I surfed over to his website, found my way to his article archives and started browsing through them looking for the one that I intuitively knew was waiting to offer me just what I needed. My eye landed upon a cryptic title: “TIISG: The Secret of Napoleon Hill, P.T. Barnum, and Me.”

In this article Joe described one of the characteristics that set these folks (and most successful people) apart from most. It seems that when these types of folks find themselves in one of “those moments,” instead of getting stuck in it and moaning, they look for a way to “Turn It Into Something Good,” TIISG!

It was exactly what I needed to hear. How could I turn this “moment” into something good? Where was the opportunity in this experience?

The first “hit” I got was to call my biological mother. It was time to uncover the roots of my dysfunctional relationship with money. Since years of positive thinking and ritual and attracting and healing and you name it had not completely shifted the pattern of dysfunction, it made sense to go back to the core, to the source, so to speak, and discover what money patterns and beliefs I might have absorbed during my time with her. (I believe that we absorb emotional/energetic patterns and beliefs while we are in the womb. But that’s a discussion for another time).

I discovered some very interesting information. Turns out that my mother had given me up for adoption because she did not have enough money to raise me. In order to keep me she would have had to return to her parents’ house or go onto welfare. Neither of which were options that she could live with.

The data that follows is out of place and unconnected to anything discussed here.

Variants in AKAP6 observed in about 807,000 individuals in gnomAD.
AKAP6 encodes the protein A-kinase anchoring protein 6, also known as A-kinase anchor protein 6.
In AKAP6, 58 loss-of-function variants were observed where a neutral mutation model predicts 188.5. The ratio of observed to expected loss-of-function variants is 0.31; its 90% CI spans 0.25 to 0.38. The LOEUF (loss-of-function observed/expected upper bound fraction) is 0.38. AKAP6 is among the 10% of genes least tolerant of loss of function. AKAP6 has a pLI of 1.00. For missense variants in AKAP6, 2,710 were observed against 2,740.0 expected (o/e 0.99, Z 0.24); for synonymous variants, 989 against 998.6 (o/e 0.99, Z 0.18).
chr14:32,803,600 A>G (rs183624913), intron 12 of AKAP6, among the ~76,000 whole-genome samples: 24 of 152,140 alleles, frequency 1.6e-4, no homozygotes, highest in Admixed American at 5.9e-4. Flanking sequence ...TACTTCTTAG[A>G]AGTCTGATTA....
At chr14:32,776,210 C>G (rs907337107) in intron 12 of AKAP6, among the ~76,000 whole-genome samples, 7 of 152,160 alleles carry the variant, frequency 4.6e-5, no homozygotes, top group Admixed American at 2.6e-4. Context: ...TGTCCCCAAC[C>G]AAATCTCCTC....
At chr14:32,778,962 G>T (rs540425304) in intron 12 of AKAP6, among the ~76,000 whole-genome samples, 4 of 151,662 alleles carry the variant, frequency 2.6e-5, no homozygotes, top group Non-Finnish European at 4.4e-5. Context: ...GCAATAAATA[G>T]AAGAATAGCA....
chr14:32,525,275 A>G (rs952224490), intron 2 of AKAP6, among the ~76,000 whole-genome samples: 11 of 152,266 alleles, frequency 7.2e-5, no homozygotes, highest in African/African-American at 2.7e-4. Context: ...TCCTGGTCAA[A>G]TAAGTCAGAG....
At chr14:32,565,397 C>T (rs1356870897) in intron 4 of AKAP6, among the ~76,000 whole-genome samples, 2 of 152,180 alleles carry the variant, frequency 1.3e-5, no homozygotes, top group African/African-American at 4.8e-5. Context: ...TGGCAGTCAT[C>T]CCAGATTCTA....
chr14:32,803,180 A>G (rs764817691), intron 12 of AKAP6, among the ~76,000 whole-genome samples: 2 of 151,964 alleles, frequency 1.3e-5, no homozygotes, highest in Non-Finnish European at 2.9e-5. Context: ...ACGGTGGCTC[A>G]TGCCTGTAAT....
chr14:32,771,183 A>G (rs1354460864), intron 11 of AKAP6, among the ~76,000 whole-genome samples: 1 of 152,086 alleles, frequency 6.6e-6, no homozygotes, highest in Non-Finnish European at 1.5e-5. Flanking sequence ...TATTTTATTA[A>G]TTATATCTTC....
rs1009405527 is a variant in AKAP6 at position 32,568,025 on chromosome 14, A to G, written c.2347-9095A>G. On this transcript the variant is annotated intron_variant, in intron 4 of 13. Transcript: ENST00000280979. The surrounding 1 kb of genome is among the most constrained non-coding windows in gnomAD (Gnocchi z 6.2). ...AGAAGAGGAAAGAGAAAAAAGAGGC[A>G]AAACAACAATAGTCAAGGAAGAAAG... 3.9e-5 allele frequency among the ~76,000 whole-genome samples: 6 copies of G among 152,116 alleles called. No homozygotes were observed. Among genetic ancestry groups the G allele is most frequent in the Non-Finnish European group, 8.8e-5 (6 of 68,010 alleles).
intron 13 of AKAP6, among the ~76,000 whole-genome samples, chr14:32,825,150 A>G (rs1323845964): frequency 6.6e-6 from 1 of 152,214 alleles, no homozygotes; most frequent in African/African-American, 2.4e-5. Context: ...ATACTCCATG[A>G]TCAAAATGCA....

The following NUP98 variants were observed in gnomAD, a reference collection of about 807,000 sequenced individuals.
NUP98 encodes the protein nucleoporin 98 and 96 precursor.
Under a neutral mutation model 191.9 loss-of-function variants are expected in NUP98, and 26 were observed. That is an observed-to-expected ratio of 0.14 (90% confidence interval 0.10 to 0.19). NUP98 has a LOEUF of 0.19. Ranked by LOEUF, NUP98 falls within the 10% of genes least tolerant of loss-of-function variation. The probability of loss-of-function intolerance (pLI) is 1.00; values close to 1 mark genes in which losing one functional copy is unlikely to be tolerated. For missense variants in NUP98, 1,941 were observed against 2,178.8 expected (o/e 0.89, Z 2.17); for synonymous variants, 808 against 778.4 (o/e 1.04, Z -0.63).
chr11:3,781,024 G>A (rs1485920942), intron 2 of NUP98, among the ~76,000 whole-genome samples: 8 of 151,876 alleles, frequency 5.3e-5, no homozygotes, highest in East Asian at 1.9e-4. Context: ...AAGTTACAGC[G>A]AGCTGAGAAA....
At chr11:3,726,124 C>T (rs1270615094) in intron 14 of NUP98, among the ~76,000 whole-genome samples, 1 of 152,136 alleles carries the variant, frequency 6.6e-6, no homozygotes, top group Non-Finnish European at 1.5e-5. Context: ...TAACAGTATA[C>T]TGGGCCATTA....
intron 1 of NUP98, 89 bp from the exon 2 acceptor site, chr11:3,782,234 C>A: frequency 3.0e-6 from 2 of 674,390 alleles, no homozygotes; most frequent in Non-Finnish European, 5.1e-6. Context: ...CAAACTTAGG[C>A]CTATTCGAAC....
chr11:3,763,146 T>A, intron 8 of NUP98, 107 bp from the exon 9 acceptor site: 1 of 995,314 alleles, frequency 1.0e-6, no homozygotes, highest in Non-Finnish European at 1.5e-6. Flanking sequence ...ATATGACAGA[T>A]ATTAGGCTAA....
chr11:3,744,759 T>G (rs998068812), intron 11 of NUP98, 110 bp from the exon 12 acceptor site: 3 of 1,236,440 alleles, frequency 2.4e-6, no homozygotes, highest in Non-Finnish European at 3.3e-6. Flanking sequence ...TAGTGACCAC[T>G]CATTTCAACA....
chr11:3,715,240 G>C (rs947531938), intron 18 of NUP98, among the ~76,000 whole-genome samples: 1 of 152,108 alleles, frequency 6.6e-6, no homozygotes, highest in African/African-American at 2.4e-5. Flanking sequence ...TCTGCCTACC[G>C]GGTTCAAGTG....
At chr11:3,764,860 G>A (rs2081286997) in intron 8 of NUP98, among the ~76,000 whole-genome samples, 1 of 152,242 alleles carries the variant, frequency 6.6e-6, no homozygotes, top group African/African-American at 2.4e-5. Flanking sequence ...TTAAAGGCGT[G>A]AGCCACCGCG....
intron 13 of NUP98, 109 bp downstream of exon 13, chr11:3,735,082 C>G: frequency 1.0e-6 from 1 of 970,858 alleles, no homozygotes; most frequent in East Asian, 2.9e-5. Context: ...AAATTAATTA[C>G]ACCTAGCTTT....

We had a wonderful conversation that helped me understand many things about myself and the roots of my relationship with money. We explored some of the – obviously irrational – ways that my unconscious mind had attempted to integrate that experience: That it had somehow been my fault that she didn’t have enough money. That I was not able to provide her with the money she needed to keep me (even though I was a fetus at the time!) These and other completely illogical stories had been created in my mind in response to the emotional and energetic experience of adoption. Causing me to create a continuing relationship of helplessness around money.

When we got right down to the core of it, all the stories were just convoluted ways of saying that I was not good enough. And if I wasn’t good enough for her to keep I certainly was not worthy of having lots of money.

Now here’s the thing. I’m not a whiner. At least I do my very best to avoid whining unless absolutely necessary. I don’t go around moaning about the fact that I’m adopted and that it means I wasn’t good enough. None of these stories were “true” and none of them served my highest good, but they were still clearly holding some power over me and my present day relationship with money.

The conversation with my mother ended with an agreement that I would call her every day, or as needed, to be reminded that I am good enough, that I am worthy of all that I desire. In this way, the power of those stories will decrease as I consciously choose to step into a new, empowering story about my sense of worth and my relationship with money.